A public hearing for the debater of a proposed LGPD application standard for micro and small businesses will be held on September 14 and 15, 2021, remotely, according to an order published in the Official Diary (DOU). The purpose of the hearing is to discuss the normative proposal with a society, which is available for public consultation until September 29, 2021, through the Participa + Brasil platform. The session will be open to the public and will be broadcast on ANPD’s YouTube channel. The organization of the demonstrations was defined by the alphabetical order of the registered institutions, followed by the alphabetical order of registered natural persons without institutional affiliation. Each one will have up to 5 (five) minutes to carry out their exhibition. In cases where the institution has more than one member, the representatives will be able to choose who will represent them or, alternatively, they will be able to divide the time as they prefer.
During the current school year, a political party’s youth organization website has received media attention for inviting students to report classroom speeches that have “left-wing” content. The form posted on the website also allows the submission of images or videos to support the “complaint”. The Belgian Authority (APD) questioned the legality of the platform and, because of that, contacted the creators through a letter, to obtain more information on the matter. In addition, the DPA also highlighted that data relating to the political opinions of identified or identifiable persons are sensitive data, based on the GDPR (Article 9), which makes, therefore, their treatment restricted to some specific hypotheses. In this regard, the Authority highlighted that it is still unclear to what extent any of the exceptions could be applicable in the present case.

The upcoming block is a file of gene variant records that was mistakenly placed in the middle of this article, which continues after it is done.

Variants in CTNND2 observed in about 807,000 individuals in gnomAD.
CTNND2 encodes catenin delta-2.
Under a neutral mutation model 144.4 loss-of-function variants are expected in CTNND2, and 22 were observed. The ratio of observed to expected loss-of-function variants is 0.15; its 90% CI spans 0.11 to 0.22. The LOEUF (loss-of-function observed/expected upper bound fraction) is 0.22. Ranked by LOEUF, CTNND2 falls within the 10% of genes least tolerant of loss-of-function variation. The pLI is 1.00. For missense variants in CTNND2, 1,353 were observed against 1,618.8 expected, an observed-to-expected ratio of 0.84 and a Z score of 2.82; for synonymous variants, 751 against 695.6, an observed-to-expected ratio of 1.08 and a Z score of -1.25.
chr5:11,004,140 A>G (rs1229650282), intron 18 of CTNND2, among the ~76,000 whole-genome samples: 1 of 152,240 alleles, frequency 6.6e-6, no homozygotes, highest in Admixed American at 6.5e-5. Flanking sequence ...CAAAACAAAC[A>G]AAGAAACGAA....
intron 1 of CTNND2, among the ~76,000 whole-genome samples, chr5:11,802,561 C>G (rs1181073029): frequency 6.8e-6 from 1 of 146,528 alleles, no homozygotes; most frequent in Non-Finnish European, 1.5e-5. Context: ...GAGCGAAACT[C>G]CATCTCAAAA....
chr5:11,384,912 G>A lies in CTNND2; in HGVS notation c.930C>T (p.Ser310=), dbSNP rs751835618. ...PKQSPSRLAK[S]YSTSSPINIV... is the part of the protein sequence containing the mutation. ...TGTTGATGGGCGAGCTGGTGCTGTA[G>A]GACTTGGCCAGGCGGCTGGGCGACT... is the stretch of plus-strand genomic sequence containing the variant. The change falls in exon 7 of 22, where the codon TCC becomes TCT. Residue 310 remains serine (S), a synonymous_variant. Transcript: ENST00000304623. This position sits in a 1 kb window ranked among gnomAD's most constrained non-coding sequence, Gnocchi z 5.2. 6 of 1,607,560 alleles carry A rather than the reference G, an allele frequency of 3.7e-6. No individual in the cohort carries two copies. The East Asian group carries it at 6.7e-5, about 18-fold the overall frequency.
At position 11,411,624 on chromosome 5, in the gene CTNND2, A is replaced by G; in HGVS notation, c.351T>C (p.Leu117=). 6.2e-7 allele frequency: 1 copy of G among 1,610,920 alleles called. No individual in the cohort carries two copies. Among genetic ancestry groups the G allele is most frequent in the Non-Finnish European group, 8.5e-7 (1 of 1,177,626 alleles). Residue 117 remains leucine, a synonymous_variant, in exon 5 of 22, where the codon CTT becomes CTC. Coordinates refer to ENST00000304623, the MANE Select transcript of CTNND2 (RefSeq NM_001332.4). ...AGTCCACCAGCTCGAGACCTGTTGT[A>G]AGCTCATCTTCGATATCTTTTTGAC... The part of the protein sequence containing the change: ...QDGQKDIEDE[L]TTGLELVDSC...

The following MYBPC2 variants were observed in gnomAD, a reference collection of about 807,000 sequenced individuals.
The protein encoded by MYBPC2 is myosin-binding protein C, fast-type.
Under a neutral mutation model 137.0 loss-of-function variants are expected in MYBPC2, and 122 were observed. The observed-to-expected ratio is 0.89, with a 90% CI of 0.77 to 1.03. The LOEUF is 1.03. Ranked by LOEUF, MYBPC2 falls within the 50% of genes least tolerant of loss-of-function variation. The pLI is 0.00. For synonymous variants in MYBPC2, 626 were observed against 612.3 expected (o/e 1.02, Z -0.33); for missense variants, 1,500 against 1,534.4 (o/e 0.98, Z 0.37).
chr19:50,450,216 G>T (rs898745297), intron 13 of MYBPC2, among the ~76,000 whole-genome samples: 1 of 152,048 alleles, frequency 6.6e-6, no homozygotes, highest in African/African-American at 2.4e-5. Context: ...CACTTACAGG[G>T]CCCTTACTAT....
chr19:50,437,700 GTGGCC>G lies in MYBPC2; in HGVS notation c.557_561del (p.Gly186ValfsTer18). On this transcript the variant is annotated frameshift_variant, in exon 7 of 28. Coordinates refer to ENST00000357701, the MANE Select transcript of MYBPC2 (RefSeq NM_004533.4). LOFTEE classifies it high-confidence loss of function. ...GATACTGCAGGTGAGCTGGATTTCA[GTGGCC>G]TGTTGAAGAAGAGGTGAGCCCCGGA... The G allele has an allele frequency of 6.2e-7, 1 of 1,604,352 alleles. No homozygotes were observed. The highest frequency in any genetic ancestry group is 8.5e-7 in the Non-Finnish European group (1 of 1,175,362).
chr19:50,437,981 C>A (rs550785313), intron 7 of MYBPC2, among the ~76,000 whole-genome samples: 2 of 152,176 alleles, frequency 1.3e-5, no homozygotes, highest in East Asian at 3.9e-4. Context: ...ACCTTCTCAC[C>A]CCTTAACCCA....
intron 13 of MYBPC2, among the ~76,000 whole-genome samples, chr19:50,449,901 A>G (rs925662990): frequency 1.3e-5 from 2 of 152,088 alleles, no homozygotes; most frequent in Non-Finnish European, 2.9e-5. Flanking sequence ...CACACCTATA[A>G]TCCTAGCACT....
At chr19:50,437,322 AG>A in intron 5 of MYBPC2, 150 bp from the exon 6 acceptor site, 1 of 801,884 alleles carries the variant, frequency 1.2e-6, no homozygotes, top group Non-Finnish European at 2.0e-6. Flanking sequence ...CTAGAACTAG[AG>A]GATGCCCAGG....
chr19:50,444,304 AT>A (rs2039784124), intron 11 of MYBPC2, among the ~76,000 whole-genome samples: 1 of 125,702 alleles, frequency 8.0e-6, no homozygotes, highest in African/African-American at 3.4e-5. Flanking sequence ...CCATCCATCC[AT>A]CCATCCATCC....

Children and young people have special protection in the GDPR. In this regard, the Danish Data Protection Authority stated that it is paying extra attention to this, especially when the respective personal data are exposed to processings that cannot, in principle, be avoided, as in the cases of the use of online platforms for educational purposes. The Danish Authority’s decision, in the specific case of the use of Google Chromebooks, stated that the Folkeskole Act gives municipalities the right to choose the IT equipment and programs to be used in teaching. However, he stressed that it is their responsibility, as controllers, to ensure that equipment and programs are used in such a way that data protection standards are complied with. For the Authority, in the specific case, the municipality in question did not carry out the necessary assessments, resulting in several risks for the holders. Finally, it was also warned that the use of additional products from the G-Suite cannot be carried out legally without the preparation of an Data Protection Assignment, through which the risks to the rights of the holders can be analyzed and mitigated.